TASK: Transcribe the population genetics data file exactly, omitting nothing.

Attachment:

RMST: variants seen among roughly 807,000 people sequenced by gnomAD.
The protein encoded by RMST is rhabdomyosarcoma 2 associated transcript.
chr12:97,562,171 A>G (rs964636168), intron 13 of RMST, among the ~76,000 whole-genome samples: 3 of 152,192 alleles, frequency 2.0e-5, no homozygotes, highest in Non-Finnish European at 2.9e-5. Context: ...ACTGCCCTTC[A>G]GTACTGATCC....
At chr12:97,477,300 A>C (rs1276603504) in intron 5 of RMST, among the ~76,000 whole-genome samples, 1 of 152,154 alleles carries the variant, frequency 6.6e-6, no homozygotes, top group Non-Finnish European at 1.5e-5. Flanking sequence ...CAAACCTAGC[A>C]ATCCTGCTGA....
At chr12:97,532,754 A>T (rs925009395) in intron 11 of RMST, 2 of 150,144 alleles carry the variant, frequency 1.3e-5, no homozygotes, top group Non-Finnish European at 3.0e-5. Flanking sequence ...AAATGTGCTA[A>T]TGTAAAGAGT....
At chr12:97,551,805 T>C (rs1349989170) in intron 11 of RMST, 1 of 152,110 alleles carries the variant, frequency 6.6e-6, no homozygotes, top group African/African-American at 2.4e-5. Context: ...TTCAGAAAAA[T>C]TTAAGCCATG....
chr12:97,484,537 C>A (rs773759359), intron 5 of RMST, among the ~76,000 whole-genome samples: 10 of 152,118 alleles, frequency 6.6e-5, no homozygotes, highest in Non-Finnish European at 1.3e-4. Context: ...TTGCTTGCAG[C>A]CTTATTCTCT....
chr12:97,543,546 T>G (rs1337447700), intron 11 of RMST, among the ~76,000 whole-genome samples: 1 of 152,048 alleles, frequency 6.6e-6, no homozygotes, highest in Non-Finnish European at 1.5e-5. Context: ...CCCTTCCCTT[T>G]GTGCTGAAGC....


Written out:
RMST: variants seen among roughly 807,000 people sequenced by gnomAD.
The protein encoded by RMST is rhabdomyosarcoma 2 associated transcript.
chr12:97,562,171 A>G (rs964636168), intron 13 of RMST, among the ~76,000 whole-genome samples: 3 of 152,192 alleles, frequency 2.0e-5, no homozygotes, highest in Non-Finnish European at 2.9e-5. Context: ...ACTGCCCTTC[A>G]GTACTGATCC....
At chr12:97,477,300 A>C (rs1276603504) in intron 5 of RMST, among the ~76,000 whole-genome samples, 1 of 152,154 alleles carries the variant, frequency 6.6e-6, no homozygotes, top group Non-Finnish European at 1.5e-5. Flanking sequence ...CAAACCTAGC[A>C]ATCCTGCTGA....
At chr12:97,532,754 A>T (rs925009395) in intron 11 of RMST, 2 of 150,144 alleles carry the variant, frequency 1.3e-5, no homozygotes, top group Non-Finnish European at 3.0e-5. Flanking sequence ...AAATGTGCTA[A>T]TGTAAAGAGT....
At chr12:97,551,805 T>C (rs1349989170) in intron 11 of RMST, 1 of 152,110 alleles carries the variant, frequency 6.6e-6, no homozygotes, top group African/African-American at 2.4e-5. Context: ...TTCAGAAAAA[T>C]TTAAGCCATG....
chr12:97,484,537 C>A (rs773759359), intron 5 of RMST, among the ~76,000 whole-genome samples: 10 of 152,118 alleles, frequency 6.6e-5, no homozygotes, highest in Non-Finnish European at 1.3e-4. Context: ...TTGCTTGCAG[C>A]CTTATTCTCT....
chr12:97,543,546 T>G (rs1337447700), intron 11 of RMST, among the ~76,000 whole-genome samples: 1 of 152,048 alleles, frequency 6.6e-6, no homozygotes, highest in Non-Finnish European at 1.5e-5. Context: ...CCCTTCCCTT[T>G]GTGCTGAAGC....